How to Use WordPress as a CMS (Content Management System)

NOTE! This article was written in 2006 and is out of date. Many of the techniques described below have already been integrated into WP’s core functionality. Feel free to contact me if you’d like to hire me for WordPress consulting.

This article will attempt to explain to users how they can mod the popular, open-source blogging software WordPress so that it can be used for a complete Content Management System. This article assumes that you have working knowledge of how to Install WordPress (2.0 or better), some basic PHP knowledge, know how to write CSS/XHTML, and add plugins to WordPress. Enjoy:

  1. Download and Install WordPress. Complete instructions can be found on the WordPress site.
  2. Download the following plugins:
    • Filosofo Home Page Control. Allows you to change the default homepage for your WordPress install, in case you don’t want your blog as your default WP homepage.
    • Sidebar Tile Plugin. Allows you to edit your sidebar through the WP Manage > Pages tab in the WordPress Admin section of your website.
    • Improved Include Page. Allows you to call one page from another, very useful for an introduction on the homepage.
    • Secure Form Mailer. A very good contact form plugin for WordPress.
    • Search Pages. Extends WP’s search functionality to search through pages, not just posts in the blog.
  3. Install the Filosofo Homepage Control plugin.
    1. Using your chosen FTP software, upload the filosofo-home-page-control.php file into your WordPress plugins directory.
    2. Login to your WordPress Admin and activate the plugin by clicking the Plugins tab.
    3. In the WordPress Admin main navigation, click Options and then Permalinks.
    4. Choose “Date and Name based” from the selection of radio buttons.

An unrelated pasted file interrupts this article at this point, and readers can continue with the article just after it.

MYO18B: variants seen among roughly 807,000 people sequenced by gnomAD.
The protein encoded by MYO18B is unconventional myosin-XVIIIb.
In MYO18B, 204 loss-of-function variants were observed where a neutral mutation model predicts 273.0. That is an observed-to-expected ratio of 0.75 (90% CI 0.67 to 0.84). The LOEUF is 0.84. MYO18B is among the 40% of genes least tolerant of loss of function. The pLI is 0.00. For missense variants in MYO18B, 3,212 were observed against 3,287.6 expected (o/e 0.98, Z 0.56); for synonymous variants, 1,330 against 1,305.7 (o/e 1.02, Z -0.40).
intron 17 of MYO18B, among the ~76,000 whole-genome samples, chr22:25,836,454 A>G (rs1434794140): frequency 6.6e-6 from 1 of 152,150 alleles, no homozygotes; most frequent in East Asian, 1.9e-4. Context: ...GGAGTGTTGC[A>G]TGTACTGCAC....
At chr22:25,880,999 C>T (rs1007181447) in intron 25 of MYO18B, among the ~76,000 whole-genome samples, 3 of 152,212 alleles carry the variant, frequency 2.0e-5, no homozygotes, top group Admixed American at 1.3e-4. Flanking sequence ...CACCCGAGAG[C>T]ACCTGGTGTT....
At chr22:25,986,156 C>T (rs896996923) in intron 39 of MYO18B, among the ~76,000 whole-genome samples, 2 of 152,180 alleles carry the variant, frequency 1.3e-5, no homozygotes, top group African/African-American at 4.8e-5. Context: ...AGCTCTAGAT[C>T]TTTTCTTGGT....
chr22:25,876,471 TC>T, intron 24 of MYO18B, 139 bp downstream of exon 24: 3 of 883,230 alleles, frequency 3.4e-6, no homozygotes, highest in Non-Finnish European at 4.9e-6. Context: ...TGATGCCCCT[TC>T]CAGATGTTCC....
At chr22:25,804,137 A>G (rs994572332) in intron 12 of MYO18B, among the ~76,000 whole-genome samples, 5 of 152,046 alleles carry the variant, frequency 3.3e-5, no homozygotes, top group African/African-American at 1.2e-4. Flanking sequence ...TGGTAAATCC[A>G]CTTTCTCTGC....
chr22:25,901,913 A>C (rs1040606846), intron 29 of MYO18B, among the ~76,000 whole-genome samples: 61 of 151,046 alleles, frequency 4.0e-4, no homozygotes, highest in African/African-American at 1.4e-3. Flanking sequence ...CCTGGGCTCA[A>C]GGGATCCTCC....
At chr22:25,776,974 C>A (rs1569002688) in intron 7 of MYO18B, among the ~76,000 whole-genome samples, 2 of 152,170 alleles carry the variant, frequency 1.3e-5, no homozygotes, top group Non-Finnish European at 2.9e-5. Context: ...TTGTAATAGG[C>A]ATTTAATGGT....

5. Click Options » Home-Page Control
    6. Using the dropdown menu on that page, choose the page you would like to serve as your homepage.
    7. In the text field below, set the virtual “folder” directory for where you want your blog to reside (as it will no longer reside in the root path of WordPress, you might want to enter “blog” here. Remember though, do not actually create a real directory on your web server, just type the name in here and WordPress will virtually create it.)
    8. Click Options » Permalinks
  4. Install the Sidebar Tile Plugin
    1. Upload the sem-tile-sidebar.php file into your WordPress plugins directory.
    2. Login to your WordPress Admin and activate the plugin by clicking the Plugins tab.
    3. Add the following code to your sidebar:
      <?php the_sidebar_tile(); ?>
    4. Click Write > Pages in the WordPress Admin.
    5. Create a page called Sidebar.
    6. Anything you put in this page will now appear in your sidebar. Of course, you’ll still see any information that is listed in your sidebar template, such as Search, Archives lists, etc.
  5. Install the Dagon Design Contact Form
    1. This process can be quite involved, but this is an excellent plugin for deterring SPAM. Complete instructions on how to install this plugin can be found at the Dagon Design site.
  6. Install the Search Pages Plugin

    If you’re going to use WordPress as a CMS, then you’ll probably be emphasizing the site’s pages as much as, if not more than, your blog.

    1. Upload the search_pages.php file to your Plugins directory.
    2. Activate the plugin.

Of course, you’ll still have quite a bit more work to do to customize the site to your liking, such as finding or creating the right theme to suit your content, and you’ll probably also want to create some type of navigation aside from the simple pages list that WordPress comes with by default. Luckily for you, there are lots of people out there who are willing to help (sometimes in exchange for money, sometimes not).

Oh, and I just so happen to be one of the former, so feel free to contact me if you have a project you’re looking to have completed!

Up Next: Coming of Age in a City Uninhibited by Disdain for Personal Boundaries